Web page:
By Jeff Brumley
The modern interim pastor is radically different from his or her predecessors, ministers and congregational coaches say.
It’s increasingly rare for an interim to be a mere placeholder between full-time pastors in a church. And relatively few are simply retired ministers wanting to stay active in ministry or make a little extra spending money, experts say.
Instead, their skill in preaching and pastoral care has to be matched with strong qualifications in conflict resolution, coaching and vision-casting.
“It’s a specialized calling,” said Mark Tidsworth, president of Pinnacle Leadership Associates in South Carolina and himself a part-time intentional interim pastor — though between pulpits at the moment.
“They are troubleshooters and many times they are called in times of crisis,” he said.
The position also increasingly requires a lot of specialized training, according to Tidworth.
LifeWay Christian Resources in Nashville, Tenn. and the Center for Congregational Health in Winston-Salem, N.C., offer programs preparing ministers for interim work, especially in Baptist churches. Coursework ranges from conflict management to guiding congregations through the process of self-discovery and missional advancement.
Intentional interim pastors — those hired specifically to bring such coaching skills with them — must rely on such training and their own experience to handle the job, Tidworth said. “They also need to be sure of themselves.”
‘A growth industry’
Baptists are not alone seeing the transformation in the interim pastor role.
Tom Harris, executive director of Interim Pastor Ministries, said the demand for trained interims has doubled in the past three years among the mostly evangelical churches his ministry serves. And they expect to see that trend continue thanks to the continued challenges churches face in today’s society.
“Our culture is very conflicted and it’s bringing to our churches more conflict and discontinuity,” Harris said.
As that happens, pastor turnover increases as ministers find it more difficult to remain in the good graces of their congregations, Harris said.
The need for interims will also rise as pastors in the Baby Boomer generation begin to retire at higher rates — at least in the evangelical churches Harris’ ministry serves.
Meanwhile, younger generations are less interested in established churches, making it harder for some congregations to find full-time pastors.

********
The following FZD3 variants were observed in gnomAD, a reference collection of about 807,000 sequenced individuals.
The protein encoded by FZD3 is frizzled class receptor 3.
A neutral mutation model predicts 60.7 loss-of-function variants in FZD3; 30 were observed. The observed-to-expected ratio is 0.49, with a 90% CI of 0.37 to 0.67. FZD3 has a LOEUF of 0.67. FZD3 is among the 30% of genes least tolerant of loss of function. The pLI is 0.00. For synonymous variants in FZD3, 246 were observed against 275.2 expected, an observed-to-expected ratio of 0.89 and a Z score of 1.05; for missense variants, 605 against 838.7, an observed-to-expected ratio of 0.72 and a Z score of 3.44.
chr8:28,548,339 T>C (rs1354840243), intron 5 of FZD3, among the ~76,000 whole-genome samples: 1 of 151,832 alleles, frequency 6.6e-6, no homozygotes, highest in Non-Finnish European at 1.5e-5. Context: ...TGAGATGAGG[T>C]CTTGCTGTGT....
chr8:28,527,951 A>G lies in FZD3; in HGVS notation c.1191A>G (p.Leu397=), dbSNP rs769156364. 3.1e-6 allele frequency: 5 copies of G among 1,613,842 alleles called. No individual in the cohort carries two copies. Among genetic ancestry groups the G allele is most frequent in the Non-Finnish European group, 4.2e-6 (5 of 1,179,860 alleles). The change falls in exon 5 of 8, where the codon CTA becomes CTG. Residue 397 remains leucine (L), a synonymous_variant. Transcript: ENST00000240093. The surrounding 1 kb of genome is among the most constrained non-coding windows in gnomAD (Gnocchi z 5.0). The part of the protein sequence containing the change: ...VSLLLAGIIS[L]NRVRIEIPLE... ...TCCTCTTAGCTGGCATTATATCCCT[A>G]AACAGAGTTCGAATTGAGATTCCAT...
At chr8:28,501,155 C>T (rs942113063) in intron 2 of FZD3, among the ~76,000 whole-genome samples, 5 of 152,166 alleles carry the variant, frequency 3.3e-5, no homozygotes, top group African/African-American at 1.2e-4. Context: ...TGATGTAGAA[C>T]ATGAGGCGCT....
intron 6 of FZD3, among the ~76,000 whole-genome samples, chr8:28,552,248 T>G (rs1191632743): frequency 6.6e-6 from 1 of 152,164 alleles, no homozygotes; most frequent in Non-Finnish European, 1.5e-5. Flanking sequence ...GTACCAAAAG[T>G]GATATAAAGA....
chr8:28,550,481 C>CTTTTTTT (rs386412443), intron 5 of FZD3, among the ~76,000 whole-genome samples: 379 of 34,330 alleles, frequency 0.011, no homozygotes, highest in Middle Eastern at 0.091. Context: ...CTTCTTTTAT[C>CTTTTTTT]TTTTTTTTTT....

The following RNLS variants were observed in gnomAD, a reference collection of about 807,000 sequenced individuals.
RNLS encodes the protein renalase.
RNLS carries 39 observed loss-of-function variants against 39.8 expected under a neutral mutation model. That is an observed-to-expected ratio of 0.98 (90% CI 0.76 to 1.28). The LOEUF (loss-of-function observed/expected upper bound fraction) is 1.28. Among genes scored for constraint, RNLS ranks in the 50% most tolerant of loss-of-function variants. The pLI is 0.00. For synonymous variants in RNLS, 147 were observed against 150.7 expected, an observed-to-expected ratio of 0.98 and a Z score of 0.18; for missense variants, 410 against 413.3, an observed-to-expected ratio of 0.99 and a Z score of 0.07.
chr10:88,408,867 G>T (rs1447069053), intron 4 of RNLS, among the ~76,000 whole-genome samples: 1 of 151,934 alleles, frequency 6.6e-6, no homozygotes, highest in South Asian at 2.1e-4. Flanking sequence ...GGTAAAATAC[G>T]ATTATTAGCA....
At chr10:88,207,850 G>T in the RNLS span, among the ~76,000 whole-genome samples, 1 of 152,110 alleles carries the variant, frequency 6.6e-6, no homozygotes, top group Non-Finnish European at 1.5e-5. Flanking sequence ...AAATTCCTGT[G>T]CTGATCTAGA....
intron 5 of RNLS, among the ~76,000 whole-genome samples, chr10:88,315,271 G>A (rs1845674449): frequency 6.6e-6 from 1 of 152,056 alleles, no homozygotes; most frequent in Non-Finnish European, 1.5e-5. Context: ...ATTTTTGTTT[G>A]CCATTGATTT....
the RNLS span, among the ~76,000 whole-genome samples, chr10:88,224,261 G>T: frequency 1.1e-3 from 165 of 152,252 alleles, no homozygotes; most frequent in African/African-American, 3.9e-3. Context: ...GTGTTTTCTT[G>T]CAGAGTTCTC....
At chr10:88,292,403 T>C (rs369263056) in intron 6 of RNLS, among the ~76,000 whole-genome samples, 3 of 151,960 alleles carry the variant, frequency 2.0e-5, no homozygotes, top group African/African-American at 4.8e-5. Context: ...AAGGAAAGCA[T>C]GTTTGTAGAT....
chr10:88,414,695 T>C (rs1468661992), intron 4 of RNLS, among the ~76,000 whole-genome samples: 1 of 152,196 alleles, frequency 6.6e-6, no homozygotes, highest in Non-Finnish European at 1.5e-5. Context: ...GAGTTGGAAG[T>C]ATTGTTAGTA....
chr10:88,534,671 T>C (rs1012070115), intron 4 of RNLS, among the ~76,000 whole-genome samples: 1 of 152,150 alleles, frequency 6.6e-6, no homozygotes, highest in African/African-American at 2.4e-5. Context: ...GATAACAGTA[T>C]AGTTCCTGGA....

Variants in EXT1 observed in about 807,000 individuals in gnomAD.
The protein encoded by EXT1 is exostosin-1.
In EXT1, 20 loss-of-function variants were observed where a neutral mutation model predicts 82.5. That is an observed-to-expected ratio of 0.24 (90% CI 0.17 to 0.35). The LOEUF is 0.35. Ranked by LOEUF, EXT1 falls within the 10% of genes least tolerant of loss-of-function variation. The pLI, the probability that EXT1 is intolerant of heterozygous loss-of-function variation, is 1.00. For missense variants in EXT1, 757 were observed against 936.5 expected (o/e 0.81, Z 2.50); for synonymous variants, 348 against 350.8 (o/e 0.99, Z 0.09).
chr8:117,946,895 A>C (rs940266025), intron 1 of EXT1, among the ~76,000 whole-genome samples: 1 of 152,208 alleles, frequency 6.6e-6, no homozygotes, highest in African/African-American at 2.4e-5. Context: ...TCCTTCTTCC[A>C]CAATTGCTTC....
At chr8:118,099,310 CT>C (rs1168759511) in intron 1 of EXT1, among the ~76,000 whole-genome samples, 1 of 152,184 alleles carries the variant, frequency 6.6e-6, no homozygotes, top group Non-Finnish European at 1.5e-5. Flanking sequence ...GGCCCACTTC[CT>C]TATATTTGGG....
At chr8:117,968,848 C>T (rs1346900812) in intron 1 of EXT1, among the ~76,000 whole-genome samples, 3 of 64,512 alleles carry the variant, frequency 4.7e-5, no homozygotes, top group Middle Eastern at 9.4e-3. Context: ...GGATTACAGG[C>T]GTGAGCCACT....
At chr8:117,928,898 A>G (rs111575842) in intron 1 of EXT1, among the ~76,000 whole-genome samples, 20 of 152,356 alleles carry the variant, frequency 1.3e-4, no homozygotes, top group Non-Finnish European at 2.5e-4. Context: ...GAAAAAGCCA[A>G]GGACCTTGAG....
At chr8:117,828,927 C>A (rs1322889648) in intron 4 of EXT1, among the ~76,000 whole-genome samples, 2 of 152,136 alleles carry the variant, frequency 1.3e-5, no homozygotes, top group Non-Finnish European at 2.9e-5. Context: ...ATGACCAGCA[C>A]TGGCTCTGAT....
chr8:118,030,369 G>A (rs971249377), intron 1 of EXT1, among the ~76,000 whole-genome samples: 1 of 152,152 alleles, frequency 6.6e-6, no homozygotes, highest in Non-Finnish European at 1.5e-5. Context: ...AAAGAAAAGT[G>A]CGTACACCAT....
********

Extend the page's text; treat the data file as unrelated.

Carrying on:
As a result, Interim Pastor Ministries is seeing a growing demand for the ministers it trains — either as traditional, intentional or interventionist interims.
“I think it’s a growth industry — and that’s kind of sad to say,” he said.
‘They are professionals’
Of those three kinds of interim pastors, the most common among Baptists and others today is the intentional, said George Bullard, author and leadership coach with the South Carolina-based Columbia Partnership.
They are brought in for all of the usual pastoral and preaching responsibilities but also to help churches find their purpose and direction and to open the way for a healthy pastor search process, Bullard said.
What he and others are finding is that pastors in the 55-65 age range, with full-time pastoring under their belts, are stepping forward for training in this area, and increasingly reporting callings to this ministry, Bullard said. “They function very well in those roles because they are professionals.”
‘Working to get out of a job’
And many enjoy the old-fashioned parts of ministry that still are expected of modern-day interims.
“I visit hospitals, I interact with people, go to lunch with people and counsel people,” said Layne Smith, the new intentional interim at Royal Lane Baptist Church in Dallas.
“I have not done weddings, but I have done and participated in funerals — and that’s holy ground,” he said. “I develop friendships with people across the board.”
The Hendersonville, N.C., native served as a senior pastor for more than 26 years before feeling a call to interim ministry. In 2007 he underwent training through the Center for Congregational Health. In 2009, at 59, he embarked on this first interim position in Charlotte and has completed two more interim pastorates since then.
The evolution of the interim pastor has been inspired by a realization by churches that more is needed between full-time leaders.
“Churches are seeing now that the interim time is not merely down time but an opportunity to explore where God is calling them and to get clear about their vision,” Smith said.
The interim period is ideal for that because it gives congregations time to figure out who they are and where they want to take their ministries — and use that vision as the basis for conducting a pastor search, Smith said.
And the idea is not for the interim to lead that process, but to facilitate lay people as they work through those processes, he said.
Smith said his top rule as an interim is to never be a candidate for that open position.
“That helps me be perceived as an honest broker,” he said. “I am not working to get a job, I am working to get out of a job.”